Bill Wilcox was one of the few who knew exactly what he was headed to Oak Ridge to do.
(WBIR-Oak Ridge) Funeral arrangements are set for Bill Wilcox.
Wilcox's funeral will be Saturday at 11:00 am at Saint Stephen's Episcopal Church on Tulane Avenue in Oak Ridge. A community reception will follow at Pollard Auditorium at Oak Ridge Associated Universities on Badger Avenue.
Longtime Oak Ridge historian Bill Wilcox has died. City officials say Wilcox, 90, died Monday night.
Wilcox came to Oak Ridge to work on the secretive Manhattan Project during World War II. He was employed as a chemist, and was one of the few workers in Oak Ridge who knew exactly what he was working on.
"You can't do chemical purification if you don't know what you're working with," he told 10News in 2010. But he had to keep the secret. He was told to never use the word uranium.
"That's the last time you'll hear that word until the end of the war. If you say it or write it to anyone, you'll be discharged immediately," Wilcox said. He said he was instructed to call it "tube alloy" instead.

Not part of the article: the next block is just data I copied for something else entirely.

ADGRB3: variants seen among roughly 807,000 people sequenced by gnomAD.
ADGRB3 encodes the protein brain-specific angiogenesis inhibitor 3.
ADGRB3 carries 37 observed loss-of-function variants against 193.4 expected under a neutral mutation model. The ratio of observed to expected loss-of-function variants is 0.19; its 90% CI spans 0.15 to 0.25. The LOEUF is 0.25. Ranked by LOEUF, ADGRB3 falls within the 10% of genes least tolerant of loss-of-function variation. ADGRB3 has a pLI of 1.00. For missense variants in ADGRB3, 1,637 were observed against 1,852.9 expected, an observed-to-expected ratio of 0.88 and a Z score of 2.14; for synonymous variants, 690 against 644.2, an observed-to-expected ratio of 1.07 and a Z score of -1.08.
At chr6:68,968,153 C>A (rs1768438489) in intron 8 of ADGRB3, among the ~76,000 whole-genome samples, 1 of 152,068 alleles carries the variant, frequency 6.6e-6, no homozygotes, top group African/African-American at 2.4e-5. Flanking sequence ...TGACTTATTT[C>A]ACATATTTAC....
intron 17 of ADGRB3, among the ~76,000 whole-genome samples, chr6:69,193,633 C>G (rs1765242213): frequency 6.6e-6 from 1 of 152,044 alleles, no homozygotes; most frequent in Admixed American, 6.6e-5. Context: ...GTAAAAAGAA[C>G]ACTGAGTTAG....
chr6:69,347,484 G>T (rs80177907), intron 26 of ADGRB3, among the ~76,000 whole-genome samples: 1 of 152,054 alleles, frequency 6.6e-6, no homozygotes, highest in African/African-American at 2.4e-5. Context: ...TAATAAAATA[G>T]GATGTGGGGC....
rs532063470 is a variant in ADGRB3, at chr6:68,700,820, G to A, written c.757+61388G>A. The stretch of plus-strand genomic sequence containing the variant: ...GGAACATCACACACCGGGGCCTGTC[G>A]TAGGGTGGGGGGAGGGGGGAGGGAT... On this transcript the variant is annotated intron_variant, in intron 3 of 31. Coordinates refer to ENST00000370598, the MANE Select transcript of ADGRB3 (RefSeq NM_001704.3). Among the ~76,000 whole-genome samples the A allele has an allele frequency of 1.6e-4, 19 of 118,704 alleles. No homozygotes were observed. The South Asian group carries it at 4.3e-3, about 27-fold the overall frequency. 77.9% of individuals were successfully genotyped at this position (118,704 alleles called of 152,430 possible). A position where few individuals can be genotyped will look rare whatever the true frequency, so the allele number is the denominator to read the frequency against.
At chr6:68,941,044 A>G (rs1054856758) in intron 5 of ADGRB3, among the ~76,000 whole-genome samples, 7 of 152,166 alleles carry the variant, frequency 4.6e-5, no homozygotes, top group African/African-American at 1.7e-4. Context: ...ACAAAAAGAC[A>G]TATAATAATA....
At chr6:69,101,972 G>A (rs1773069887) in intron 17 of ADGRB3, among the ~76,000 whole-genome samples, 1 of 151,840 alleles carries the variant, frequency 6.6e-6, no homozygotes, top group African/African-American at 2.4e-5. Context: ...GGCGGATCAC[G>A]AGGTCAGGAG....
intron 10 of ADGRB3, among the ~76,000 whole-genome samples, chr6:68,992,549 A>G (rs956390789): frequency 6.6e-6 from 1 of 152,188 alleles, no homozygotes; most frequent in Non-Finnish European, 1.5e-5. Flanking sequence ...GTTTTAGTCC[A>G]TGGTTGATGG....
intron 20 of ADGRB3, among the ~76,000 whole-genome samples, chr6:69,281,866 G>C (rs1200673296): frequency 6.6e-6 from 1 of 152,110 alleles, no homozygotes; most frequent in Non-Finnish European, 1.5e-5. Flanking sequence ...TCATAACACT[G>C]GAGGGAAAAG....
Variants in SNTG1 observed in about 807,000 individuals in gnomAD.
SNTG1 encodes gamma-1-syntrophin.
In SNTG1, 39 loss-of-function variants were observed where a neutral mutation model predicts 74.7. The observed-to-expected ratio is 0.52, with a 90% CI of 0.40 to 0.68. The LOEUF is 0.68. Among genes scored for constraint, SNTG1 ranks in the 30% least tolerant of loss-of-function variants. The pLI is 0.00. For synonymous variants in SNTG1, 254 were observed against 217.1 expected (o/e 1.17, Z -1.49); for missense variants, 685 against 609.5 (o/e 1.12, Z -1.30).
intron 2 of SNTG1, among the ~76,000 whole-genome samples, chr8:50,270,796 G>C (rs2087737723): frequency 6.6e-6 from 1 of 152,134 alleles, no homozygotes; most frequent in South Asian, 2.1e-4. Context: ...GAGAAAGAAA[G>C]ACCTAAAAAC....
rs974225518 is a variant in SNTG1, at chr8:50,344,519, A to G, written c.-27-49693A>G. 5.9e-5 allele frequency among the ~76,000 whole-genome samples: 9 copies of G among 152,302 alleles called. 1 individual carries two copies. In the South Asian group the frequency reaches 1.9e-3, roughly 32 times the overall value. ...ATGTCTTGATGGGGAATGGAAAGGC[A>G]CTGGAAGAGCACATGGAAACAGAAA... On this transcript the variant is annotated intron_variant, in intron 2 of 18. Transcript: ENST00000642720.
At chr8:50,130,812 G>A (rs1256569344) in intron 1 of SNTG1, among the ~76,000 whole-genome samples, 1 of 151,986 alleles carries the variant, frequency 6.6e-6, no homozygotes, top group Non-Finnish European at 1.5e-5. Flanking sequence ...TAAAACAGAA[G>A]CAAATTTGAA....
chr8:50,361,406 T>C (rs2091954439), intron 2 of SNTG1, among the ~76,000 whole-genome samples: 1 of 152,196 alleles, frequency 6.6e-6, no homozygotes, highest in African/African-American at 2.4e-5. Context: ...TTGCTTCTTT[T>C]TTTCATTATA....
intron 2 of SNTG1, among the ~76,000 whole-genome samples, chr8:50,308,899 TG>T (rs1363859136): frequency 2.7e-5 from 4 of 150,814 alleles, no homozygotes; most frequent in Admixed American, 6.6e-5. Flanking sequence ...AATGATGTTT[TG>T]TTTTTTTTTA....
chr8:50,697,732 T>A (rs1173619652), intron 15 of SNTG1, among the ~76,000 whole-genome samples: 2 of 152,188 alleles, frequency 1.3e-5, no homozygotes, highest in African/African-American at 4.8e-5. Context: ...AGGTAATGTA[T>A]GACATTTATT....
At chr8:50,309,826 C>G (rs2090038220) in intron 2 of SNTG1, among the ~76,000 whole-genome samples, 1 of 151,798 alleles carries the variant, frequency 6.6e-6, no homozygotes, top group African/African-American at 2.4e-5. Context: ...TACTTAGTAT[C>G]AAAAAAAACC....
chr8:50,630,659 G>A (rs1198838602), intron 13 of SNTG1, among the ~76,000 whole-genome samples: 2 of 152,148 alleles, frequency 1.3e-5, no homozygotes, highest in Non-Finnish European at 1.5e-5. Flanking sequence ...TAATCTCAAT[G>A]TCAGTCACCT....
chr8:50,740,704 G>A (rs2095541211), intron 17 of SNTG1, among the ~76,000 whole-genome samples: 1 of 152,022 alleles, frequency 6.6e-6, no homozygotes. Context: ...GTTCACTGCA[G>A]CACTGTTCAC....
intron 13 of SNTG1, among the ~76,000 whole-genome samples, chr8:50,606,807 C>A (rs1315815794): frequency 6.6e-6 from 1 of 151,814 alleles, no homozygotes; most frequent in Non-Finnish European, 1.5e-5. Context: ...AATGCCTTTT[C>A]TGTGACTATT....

Previous story: Namesake: X-10, Y-12, and K-25 in Oak Ridge
In recent years, Wilcox served as the Oak Ridge Historian, making sure everyone knows the impact those Manhattan Project workers had on the end of World War II, and beyond.
Funeral arrangements for Wilcox are not complete.
Oak Ridge Mayor Tom Beehan released the following statement about the loss of Wilcox:
"I was very saddened to hear the news of Bill's passing. He is truly one of Oak Ridge's most distinguished citizens and has enriched our community in countless ways. He was a pioneer scientist of the Manhattan Project and as City Historian Bill helped preserve Oak Ridge's unique history through his leadership on projects such as the Secret City Commemorate Walk and the Birth of a City projects. On behalf of the City of Oak Ridge, I extend our condolences to his wife Jeannie and their children."